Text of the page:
Elsewhere, Brooklyn
5 December

There’s something elemental about a wood block. Same goes for a whistle; the kind gym teachers wear on lanyards and old heads in New York bring out to the club to blow in approval for their favorite disco classics. These instruments of the elementary school music room can be played by virtually anyone as long as the spirit moves you.

Letting loose a multiple-minute-long, wood block punctuated whistle solo last week on stage at Brooklyn’s Elsewhere, beloved NYC dance-punk godmothers ESG made it clear that a whole lot of elemental spirit was in the room. In commemoration of the group’s fortieth anniversary, the great ESG treated a sold out crowd of shaking asses to a heart-swelling and groove-laden raucous hometown revue.

The family band, forged in the South Bronx in 1978, has managed to inspire a sense of wondrous discovery in countless scenes and individuals over their four-decade-long career. After an early “discovery” by Factory Records founder Tony Wilson, the ESG groove proved influential for New York’s 1980s no wave scene, early house music innovators from the Warehouse to the Paradise Garage, countless numbers of UFO sampling hip-hop producers, and generations of record store nerds en masse. I remember the first time I heard Dance and I’m willing to bet you do too.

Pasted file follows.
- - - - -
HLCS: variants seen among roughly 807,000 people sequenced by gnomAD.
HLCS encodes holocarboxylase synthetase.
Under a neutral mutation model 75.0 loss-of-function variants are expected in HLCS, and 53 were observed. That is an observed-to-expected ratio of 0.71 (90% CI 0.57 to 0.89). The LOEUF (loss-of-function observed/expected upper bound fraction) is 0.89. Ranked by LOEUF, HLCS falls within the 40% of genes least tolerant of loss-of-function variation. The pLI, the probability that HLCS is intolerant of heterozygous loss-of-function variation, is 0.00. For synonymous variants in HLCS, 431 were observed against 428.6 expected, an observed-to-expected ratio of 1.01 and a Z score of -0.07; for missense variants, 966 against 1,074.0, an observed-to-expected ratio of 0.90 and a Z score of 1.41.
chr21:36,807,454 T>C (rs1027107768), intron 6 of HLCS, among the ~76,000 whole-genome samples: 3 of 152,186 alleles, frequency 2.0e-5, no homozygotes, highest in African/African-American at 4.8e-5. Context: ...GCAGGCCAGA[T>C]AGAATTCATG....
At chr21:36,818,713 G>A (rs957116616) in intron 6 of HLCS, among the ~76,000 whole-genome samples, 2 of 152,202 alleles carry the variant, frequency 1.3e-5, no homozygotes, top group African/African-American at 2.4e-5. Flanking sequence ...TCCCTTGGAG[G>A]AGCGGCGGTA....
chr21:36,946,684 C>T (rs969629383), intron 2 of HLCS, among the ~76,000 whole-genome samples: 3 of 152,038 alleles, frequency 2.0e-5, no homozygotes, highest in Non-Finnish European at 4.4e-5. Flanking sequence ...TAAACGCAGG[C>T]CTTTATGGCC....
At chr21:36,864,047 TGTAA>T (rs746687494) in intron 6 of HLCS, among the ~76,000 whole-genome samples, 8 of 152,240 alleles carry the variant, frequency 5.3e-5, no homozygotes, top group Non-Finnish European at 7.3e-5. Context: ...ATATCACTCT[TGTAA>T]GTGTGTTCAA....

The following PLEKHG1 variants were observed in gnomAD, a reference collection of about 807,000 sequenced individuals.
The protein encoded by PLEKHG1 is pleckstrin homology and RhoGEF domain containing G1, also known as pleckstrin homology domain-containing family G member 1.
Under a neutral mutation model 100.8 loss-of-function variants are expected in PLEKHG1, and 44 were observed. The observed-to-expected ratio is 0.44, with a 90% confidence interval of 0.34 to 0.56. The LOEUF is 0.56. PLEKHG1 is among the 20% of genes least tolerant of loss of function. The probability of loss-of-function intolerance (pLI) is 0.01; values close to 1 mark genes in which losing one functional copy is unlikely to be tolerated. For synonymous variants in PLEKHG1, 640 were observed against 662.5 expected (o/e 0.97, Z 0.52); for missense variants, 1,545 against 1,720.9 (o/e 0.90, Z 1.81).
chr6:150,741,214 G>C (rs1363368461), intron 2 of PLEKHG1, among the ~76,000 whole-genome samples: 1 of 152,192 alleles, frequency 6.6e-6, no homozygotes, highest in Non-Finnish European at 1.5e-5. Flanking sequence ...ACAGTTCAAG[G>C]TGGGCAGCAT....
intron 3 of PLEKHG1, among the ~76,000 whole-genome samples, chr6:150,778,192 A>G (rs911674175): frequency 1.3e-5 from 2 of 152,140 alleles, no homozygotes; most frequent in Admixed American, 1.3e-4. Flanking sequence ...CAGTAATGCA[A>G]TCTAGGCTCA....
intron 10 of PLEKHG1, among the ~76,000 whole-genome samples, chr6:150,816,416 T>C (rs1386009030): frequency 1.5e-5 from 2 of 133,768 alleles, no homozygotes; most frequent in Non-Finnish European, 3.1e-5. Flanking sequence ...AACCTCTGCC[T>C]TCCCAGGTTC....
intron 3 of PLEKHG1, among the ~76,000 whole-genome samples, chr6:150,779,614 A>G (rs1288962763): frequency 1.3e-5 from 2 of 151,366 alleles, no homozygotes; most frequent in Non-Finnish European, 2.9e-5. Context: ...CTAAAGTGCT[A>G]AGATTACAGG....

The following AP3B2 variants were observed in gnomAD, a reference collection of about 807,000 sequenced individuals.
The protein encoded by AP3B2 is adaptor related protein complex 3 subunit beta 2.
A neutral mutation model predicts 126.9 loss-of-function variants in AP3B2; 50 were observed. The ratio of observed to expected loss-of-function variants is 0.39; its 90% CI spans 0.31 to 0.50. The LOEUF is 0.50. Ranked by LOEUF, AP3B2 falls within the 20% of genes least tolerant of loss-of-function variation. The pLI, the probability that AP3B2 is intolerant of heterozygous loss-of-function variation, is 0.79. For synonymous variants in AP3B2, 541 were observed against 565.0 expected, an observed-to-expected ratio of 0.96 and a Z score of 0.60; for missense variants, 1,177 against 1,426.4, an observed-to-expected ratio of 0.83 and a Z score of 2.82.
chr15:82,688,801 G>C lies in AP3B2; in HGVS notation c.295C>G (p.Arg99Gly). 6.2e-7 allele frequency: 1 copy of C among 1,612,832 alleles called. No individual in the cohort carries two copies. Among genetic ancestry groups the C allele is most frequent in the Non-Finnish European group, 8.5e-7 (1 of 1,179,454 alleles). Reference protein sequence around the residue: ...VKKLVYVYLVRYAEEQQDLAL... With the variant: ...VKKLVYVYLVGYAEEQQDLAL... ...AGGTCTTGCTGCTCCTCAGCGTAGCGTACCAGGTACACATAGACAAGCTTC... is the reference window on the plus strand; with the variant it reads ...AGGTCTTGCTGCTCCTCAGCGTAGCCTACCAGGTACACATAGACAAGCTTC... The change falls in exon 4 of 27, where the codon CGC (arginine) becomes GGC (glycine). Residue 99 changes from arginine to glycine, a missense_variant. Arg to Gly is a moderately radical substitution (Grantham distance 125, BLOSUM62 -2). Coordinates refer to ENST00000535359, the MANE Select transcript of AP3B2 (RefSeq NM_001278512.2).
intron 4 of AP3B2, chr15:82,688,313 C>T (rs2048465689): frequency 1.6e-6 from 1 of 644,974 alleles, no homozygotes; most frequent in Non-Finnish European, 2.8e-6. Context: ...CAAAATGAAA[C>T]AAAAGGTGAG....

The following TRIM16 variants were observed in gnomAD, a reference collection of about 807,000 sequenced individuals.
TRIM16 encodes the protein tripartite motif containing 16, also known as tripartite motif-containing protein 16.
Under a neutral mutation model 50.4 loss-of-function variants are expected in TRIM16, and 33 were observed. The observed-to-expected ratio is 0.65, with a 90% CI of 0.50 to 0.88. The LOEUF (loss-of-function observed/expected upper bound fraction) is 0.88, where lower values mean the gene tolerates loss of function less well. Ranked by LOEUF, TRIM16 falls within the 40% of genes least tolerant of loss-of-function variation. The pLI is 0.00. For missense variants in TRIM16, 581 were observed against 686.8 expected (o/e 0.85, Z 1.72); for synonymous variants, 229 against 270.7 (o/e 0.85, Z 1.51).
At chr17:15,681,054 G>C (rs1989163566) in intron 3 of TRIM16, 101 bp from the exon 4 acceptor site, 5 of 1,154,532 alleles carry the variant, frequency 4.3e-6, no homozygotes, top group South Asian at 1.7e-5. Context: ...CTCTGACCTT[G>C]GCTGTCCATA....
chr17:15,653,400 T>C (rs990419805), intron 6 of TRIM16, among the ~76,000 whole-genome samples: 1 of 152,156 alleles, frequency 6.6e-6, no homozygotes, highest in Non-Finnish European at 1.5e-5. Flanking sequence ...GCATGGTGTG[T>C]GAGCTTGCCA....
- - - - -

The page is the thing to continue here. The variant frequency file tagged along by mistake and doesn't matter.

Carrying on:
Anchored by founding member and primary vocalist Renee Scroggins, the current iteration of ESG is full of ear-to-ear grinning glee. Four people playing percussion at once; what a joy to behold as a barrage of conga solos conjoin with the aforementioned whistles and wood blocks, toms on toms, and even some incredibly tasteful cowbell. ESG at their best have always sounded like if The Ronnettes were raised in a cabin by James Brown. Rhythm above everything but sweet as candy.

Renee has undeniably still got it. Unfurling scratchy, high pitch vocal punctuations that are beautifully reminiscent of James Brown backing singer Lola Blank’s work on Arthur Russell’s Dinosaur L Go Bang! #5. There’s a striking ease with which she accompanies the band’s percussive bass groove-centred backbone. Dancing is a key component of every player’s duty and they do so with glee, encouraging and reflecting the audience’s boogie actively. It was a lovely embodiment to the testament of the groove ESG birthed decades prior.